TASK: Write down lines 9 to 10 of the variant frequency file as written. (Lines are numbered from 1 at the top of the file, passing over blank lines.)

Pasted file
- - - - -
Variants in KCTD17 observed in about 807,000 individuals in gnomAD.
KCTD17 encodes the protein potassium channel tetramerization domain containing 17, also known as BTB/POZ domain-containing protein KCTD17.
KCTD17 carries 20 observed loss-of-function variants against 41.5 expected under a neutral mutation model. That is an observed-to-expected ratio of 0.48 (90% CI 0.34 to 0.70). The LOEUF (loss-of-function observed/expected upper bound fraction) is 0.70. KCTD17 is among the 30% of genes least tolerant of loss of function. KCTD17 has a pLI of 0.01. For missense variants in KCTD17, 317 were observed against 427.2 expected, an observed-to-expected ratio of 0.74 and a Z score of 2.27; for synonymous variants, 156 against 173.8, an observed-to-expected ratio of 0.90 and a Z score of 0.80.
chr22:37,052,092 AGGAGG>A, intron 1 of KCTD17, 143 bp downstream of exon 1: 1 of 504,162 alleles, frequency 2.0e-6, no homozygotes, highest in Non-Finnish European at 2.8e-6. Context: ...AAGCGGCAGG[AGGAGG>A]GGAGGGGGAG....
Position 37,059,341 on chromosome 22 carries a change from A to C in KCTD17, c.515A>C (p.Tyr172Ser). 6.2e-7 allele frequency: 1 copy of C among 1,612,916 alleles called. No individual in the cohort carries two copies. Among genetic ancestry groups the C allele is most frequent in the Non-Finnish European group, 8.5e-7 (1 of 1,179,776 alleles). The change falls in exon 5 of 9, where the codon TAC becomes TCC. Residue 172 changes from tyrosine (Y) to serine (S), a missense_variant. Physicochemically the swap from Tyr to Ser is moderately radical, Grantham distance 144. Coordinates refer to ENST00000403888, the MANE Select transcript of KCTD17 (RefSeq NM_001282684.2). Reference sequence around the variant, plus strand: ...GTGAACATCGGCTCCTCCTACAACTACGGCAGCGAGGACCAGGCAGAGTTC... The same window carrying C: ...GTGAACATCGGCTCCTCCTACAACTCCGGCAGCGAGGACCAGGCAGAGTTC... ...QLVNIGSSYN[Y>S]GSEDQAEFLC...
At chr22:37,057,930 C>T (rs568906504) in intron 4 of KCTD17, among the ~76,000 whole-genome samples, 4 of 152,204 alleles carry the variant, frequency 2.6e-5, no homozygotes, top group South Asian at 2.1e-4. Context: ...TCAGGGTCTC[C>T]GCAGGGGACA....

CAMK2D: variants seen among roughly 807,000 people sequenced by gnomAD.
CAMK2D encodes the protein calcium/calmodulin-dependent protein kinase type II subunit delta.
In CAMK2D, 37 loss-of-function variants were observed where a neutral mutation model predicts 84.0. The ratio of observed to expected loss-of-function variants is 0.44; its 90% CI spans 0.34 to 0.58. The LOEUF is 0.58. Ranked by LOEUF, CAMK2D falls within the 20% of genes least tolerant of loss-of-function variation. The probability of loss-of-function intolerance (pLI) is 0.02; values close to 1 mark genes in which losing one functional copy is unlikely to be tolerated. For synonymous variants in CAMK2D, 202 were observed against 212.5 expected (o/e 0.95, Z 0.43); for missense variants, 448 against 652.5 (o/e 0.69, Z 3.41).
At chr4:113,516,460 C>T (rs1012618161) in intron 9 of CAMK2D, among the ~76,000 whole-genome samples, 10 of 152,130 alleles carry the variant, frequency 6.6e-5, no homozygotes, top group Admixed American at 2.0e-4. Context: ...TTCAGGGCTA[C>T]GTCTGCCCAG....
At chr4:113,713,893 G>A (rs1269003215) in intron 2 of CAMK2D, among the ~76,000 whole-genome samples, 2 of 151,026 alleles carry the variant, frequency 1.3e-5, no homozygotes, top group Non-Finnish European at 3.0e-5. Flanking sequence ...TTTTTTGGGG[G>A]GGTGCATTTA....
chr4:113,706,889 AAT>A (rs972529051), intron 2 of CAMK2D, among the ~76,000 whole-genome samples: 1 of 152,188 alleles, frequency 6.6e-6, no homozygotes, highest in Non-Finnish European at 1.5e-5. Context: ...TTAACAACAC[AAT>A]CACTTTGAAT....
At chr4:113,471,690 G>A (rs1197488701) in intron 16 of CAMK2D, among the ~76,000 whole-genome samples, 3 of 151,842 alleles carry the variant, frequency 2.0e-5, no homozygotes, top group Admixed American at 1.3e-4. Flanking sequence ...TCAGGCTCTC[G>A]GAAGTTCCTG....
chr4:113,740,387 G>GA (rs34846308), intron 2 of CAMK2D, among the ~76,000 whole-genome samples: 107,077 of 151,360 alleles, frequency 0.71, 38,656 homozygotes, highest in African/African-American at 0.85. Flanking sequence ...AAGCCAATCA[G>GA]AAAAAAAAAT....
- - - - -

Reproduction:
In CAMK2D, 37 loss-of-function variants were observed where a neutral mutation model predicts 84.0. The ratio of observed to expected loss-of-function variants is 0.44; its 90% CI spans 0.34 to 0.58. The LOEUF is 0.58. Ranked by LOEUF, CAMK2D falls within the 20% of genes least tolerant of loss-of-function variation. The probability of loss-of-function intolerance (pLI) is 0.02; values close to 1 mark genes in which losing one functional copy is unlikely to be tolerated. For synonymous variants in CAMK2D, 202 were observed against 212.5 expected (o/e 0.95, Z 0.43); for missense variants, 448 against 652.5 (o/e 0.69, Z 3.41).
At chr4:113,516,460 C>T (rs1012618161) in intron 9 of CAMK2D, among the ~76,000 whole-genome samples, 10 of 152,130 alleles carry the variant, frequency 6.6e-5, no homozygotes, top group Admixed American at 2.0e-4. Context: ...TTCAGGGCTA[C>T]GTCTGCCCAG....